SEPT 15, 2008 – MAR 15, 2009
MENTORING YOUNG ENTREPRENEURS
Chetan Shenoy, August 2008 Fellow
Background and Project Vision
For the past two decades, Vigyan Ashram (VA) has provided non-formal, vocation-based education to rural youth at its residential educational facility outside Pabal village in Maharashtra. VA’s flagship program is its one year residential “Diploma in Basic Rural Technology (DBRT)” program. DBRT gives the participants a whole range of skills such as building homes, using computers, rearing cattle, processing food, and designing and working on equipment for household and agricultural work. The VA campus thrives on the energy of young people that are “learning by doing” as they build tractors from scratch, use wireless technology to ring the dinner bell, and fabricate new machinery for rural use. While rural Indian youth have technical skills, they often are unable to translate those skills into sustainable entrepreneurial enterprises.
In order to build sustainable enterprises, students must be trained with the basic knowledge of starting a business. For the past six months, I have been working on creating an entrepreneurship program that equips students with skills ranging from marketing to finance to business planning. In the past few years, enthusiasm and confidence has hit an all-time low at the VA where there is now a downward trend in students starting businesses after completing their DBRT. This complacent attitude has overtaken the campus as students have no sense of where they will be or what they will do after completion. Knowledge in business is necessary for these students to know their options are not limited and to give them some sense of confidence and optimism.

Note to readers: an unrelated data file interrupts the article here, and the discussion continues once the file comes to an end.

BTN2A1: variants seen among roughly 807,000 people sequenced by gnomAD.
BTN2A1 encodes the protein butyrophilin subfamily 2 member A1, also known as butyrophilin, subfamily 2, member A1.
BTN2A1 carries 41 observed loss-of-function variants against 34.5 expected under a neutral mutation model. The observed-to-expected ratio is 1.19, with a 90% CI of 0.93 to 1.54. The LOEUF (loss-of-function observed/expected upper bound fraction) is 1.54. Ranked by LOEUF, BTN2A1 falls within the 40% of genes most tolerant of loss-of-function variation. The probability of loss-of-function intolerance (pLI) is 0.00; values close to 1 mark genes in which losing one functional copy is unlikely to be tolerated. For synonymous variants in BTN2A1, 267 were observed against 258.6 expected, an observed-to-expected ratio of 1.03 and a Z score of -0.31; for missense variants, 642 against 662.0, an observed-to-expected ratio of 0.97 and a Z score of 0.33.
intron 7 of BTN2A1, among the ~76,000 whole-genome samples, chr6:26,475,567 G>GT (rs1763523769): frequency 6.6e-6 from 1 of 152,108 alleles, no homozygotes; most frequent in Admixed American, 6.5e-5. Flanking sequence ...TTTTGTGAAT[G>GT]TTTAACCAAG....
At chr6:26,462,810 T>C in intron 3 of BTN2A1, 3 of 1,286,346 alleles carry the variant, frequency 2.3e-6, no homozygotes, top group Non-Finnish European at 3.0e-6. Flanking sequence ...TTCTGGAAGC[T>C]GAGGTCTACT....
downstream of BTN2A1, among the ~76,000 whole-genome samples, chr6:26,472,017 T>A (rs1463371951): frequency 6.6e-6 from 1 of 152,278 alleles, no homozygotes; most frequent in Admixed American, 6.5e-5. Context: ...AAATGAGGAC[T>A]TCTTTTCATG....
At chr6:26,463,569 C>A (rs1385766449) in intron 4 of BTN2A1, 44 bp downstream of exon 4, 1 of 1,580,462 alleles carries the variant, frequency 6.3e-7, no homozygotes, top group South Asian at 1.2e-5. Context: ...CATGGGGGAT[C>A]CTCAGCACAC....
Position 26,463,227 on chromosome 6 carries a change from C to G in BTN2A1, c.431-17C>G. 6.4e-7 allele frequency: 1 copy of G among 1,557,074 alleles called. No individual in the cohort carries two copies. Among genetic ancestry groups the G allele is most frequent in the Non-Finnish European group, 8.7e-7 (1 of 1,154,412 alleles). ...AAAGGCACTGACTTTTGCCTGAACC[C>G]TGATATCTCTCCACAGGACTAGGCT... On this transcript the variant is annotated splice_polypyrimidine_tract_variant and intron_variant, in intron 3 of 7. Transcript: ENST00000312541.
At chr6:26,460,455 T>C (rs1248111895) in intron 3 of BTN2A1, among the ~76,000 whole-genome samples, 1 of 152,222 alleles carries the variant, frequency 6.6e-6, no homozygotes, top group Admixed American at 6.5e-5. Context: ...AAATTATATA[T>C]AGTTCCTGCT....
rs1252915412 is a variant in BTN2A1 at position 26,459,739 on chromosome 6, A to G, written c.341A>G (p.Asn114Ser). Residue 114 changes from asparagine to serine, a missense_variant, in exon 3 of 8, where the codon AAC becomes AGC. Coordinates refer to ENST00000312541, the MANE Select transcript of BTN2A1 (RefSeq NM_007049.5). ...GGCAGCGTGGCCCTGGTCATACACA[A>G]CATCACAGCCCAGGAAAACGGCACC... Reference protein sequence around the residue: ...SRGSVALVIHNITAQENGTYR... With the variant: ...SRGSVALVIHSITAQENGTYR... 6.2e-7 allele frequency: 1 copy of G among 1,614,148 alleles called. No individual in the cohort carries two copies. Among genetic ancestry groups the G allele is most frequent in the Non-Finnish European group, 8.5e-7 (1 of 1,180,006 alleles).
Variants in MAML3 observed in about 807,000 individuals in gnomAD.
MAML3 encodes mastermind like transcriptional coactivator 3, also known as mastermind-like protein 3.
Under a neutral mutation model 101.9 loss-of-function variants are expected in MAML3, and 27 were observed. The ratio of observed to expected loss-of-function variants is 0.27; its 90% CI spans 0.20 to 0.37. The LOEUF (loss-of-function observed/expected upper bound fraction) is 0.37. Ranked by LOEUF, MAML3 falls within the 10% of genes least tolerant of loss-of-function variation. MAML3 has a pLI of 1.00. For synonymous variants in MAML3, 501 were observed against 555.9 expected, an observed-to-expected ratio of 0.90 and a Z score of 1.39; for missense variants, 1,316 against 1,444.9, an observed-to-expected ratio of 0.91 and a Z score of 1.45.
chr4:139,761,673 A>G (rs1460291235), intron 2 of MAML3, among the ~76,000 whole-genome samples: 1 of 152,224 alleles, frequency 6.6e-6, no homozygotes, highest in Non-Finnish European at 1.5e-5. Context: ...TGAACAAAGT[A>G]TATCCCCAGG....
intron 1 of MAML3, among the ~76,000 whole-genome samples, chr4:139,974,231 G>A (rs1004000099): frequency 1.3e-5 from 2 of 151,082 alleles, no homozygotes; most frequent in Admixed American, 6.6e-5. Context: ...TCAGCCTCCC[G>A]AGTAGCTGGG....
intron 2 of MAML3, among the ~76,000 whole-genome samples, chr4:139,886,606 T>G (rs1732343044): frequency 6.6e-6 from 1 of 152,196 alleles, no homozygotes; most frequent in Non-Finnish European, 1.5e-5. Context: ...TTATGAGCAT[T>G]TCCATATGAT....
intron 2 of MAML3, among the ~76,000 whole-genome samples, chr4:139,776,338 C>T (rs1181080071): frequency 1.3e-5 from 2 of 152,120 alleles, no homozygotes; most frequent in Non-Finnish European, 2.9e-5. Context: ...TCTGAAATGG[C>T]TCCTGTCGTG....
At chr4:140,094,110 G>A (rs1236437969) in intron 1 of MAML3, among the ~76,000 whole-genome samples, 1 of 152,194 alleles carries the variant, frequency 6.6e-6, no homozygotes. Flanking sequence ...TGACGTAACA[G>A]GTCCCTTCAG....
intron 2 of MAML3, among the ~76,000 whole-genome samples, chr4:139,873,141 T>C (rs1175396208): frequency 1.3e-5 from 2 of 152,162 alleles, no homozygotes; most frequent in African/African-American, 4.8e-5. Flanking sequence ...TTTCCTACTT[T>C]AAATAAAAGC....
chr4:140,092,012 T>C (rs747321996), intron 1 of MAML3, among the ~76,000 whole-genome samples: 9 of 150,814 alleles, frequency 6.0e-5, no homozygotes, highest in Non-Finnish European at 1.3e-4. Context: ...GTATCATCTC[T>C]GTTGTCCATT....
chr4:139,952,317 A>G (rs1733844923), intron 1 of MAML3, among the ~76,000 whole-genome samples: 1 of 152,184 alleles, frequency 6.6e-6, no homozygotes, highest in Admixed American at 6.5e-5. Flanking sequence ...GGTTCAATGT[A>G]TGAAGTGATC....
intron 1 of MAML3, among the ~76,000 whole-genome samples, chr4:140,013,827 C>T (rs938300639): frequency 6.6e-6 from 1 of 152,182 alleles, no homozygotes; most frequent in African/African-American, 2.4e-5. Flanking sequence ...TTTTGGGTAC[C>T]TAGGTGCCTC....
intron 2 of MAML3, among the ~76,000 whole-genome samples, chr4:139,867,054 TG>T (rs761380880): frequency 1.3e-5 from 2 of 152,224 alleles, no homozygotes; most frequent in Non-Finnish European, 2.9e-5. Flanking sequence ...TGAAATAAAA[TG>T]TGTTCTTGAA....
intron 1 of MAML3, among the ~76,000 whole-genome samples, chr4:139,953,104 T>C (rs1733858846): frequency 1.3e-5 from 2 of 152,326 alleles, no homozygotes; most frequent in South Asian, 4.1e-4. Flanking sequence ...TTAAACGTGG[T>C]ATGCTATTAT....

Project Goals and Future Plans
Entrepreneurship Development Program: Empowering Young Entrepreneurs
- Developing and finalizing a curriculum/program complete with activities, lessons, and worksheets with relevant topics to their lives
- Creating a “Live Entrepreneur” series that brings in local businesses and other successful entrepreneurs who came from similar environments as the students
- Integrating an English speaking course within the program to facilitate English learning
- Inspire students to take up creative projects that further their creativity and instill some confidence within them
- Working within the context of the program, the Gift Shop should be somewhat central to giving students some exercise
- Foster student ambitions by creating a one-on-one counseling session to figure out solutions to individual problems
- Integrate final program into 4 sections of VA and train teachers with business knowledge
Recently, it has come to my attention that many of the students came here to learn about computers so that they can go back to their villages to start computer businesses. Since VA focuses mostly on rural technologies, they have yet to create a solid curriculum based around computers. There are many spare computers and computer parts lying around, so that will not be a problem.
- Teach students the basics of computers from building one to internet browsing